Coping with Stress – How Acupuncture Can Help

Stressors come in many forms in our modern society, how we are impacted by them can greatly affect our health. Stress is a natural nonspecific response of the body to the various demands placed upon it. Healthy stressors such as physical exercise, learning new things both physically and mentally, when done in a balanced way, keep us alert and motivated, and support our body’s strength and vitality, thus stimulating healthy stress responses. Unhealthy stressors such as overexertion, poor eating habits, lack of sleep, negative thinking, pollutants and toxins, all challenge the balances in the body and overtime cause decline in the body’s health and wellbeing.

We also have our fight or flight stress response which through a sequence of changes in the internal functioning of the body brings forth the energy and strength to preserve life in the face of danger.

Some of the responses include

  • directing blood flow away from digestion and directing towards the muscles,
  • movement of food through the digestive tract slows,
  • the release of adrenaline to increase strength and speed, and
  • the nervous systems moves into the sympathetic mode of high alert.

These changes are powerful and effective in the short term but if they continue to be engaged then the body’s health starts to decline. Unfortunately aspects of modern day life such as primetime news, road rage, terrorism talk, long work weeks, the frenzy of getting everything done, the pressure to do it right and meet everyone’s including self’s expectations, and financial concerns, can trigger this fight and flight response. These aspects of modern life are ongoing not short term, so now there is potential for aspects of the fight and flight system to be engaged long term thus depleting and damaging the body. Medical studies have shown that with increased and consistent stress, our white blood cells, which defend us against viruses and bacteria, decrease. Everybody responds to these stressors differently some engage your fight and flight and some do not.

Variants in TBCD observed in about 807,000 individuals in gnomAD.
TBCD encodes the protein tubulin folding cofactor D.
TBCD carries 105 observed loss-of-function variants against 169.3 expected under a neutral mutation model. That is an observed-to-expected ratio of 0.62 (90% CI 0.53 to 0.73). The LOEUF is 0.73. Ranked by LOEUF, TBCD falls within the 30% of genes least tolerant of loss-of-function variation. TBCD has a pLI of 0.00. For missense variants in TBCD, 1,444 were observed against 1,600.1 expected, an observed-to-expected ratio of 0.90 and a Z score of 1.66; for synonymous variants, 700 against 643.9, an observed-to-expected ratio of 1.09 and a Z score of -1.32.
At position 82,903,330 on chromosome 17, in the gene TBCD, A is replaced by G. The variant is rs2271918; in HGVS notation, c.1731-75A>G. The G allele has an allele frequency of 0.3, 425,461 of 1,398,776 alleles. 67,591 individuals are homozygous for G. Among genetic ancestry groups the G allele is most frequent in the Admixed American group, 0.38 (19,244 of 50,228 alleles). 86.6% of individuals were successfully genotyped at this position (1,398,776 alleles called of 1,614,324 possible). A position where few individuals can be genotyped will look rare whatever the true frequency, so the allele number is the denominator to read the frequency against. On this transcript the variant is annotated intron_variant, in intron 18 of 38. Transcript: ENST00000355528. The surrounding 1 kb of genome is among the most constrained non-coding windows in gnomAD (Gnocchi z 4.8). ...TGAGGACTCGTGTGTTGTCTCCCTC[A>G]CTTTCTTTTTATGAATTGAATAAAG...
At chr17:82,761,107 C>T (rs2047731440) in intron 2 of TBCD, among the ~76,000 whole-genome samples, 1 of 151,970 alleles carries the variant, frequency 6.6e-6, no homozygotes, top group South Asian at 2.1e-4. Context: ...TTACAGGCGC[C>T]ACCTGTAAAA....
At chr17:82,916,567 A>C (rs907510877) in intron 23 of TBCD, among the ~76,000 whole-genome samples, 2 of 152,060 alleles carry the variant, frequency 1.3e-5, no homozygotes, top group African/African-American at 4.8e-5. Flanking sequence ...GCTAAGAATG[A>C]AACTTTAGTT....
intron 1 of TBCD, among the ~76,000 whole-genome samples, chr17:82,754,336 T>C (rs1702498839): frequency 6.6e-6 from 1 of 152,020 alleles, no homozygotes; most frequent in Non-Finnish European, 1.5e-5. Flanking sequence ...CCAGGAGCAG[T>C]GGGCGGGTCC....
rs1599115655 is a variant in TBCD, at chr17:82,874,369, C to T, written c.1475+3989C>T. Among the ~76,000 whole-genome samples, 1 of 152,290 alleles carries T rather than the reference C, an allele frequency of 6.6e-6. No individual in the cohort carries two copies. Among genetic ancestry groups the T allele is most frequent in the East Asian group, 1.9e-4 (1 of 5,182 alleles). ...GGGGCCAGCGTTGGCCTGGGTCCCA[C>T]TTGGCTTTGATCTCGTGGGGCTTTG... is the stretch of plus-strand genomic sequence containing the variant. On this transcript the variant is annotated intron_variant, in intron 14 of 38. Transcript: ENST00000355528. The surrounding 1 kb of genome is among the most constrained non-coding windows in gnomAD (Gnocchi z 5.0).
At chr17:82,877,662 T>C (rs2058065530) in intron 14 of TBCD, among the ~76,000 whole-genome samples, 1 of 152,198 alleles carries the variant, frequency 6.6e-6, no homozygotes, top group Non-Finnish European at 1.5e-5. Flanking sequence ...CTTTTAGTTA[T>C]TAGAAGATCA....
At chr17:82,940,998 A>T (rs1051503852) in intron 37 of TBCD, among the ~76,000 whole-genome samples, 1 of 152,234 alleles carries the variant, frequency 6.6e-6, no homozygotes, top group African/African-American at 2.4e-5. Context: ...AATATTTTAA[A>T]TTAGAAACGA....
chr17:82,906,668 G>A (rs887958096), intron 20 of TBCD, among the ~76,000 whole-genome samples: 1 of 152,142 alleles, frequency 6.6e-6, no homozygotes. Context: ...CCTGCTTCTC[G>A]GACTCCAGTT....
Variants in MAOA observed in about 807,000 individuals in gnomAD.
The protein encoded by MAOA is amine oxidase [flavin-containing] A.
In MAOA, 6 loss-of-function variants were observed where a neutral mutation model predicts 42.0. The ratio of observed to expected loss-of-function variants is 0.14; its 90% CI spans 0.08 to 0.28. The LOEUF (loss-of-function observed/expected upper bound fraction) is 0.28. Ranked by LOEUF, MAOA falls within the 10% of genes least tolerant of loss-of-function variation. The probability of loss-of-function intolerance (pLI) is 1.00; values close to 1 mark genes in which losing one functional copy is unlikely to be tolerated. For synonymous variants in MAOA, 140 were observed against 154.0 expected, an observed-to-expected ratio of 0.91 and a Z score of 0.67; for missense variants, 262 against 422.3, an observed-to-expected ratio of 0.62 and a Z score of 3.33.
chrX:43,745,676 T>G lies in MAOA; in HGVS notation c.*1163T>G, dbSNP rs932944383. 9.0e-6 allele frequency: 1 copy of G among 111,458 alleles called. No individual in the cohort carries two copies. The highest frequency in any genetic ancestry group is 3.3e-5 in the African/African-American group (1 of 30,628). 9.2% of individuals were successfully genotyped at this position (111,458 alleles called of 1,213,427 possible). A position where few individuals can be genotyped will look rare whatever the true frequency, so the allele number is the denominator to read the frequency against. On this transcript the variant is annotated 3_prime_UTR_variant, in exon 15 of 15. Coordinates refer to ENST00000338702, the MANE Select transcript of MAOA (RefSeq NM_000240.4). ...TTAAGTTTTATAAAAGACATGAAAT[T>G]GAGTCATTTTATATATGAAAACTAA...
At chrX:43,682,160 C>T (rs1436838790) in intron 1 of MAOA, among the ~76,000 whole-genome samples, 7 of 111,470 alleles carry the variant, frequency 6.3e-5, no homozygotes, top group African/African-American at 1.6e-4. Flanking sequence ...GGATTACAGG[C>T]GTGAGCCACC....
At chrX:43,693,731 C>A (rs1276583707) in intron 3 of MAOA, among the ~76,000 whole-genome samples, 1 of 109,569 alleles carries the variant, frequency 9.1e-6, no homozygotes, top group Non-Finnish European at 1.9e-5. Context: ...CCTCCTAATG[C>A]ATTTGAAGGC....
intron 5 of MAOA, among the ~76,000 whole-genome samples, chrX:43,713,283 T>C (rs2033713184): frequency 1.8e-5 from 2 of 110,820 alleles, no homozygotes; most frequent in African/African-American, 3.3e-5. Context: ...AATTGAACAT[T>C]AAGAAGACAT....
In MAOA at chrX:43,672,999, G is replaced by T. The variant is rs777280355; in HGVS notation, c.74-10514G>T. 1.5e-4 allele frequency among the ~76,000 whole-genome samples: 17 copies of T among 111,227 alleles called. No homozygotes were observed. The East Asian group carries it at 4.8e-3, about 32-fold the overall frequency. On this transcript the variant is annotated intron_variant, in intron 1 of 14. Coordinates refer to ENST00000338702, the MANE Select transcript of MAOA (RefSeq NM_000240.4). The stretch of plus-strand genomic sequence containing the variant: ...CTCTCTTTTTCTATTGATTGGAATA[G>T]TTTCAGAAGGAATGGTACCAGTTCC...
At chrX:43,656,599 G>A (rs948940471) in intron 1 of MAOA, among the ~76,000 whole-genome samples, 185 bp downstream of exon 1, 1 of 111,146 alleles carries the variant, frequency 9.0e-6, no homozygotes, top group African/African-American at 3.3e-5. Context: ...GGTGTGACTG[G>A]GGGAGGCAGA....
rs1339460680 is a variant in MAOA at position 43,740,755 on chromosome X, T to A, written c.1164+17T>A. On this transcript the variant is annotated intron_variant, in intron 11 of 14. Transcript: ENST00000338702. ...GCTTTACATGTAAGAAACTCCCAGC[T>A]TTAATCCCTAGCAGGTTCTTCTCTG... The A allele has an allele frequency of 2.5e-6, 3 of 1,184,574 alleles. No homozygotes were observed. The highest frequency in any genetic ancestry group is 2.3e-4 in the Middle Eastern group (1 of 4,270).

So how do we live in this modern world and stay healthy, as most of us are not moving to a cave in the Himalayas or an ashram in India. We can make some lifestyle choices that minimize exposure to our major stressors, learn different way of responding to our stressors by changing our thoughts and emotional responses, use movement and meditation practices that calm the nervous system, and provide the body with healthy stressors such as moderate exercise and healthy eating habits (big ones here to get the maximum bang for your effort is to minimize processed and refined food, eliminate fast food, moderate caffeine as it engages the sympathetic system to give you that shot of energy thus depleting your resources).

Acupuncture and Chinese medicine assist the body in disengaging the sympathetic mode allowing the parasympathetic system to regain command. When the parasympathetic system is in command, normal functioning of the body is restored, food is digested properly and repairs are made helping to control inflammation. The movement of the nervous system into a sympathetic mode is the initiator of the cascade of changes due to fight and flight, so turning it off is key to returning balance. Acupuncture and Chinese medicine also supports and helps restore the integrity of the various organ systems that have been affected and depleted.

Signs and Symptoms of an overactive fight and flight response and too many unhealthy stressor.

  • Anger
  • Anxiety
  • Asthma
  • Depression
  • Depressed immune system (catching coughs & colds easily, slow healing, easy bruising)
  • Digestive issues
  • Headaches
  • Heart disease
  • High blood pressure
  • Joint pain
  • Weight problems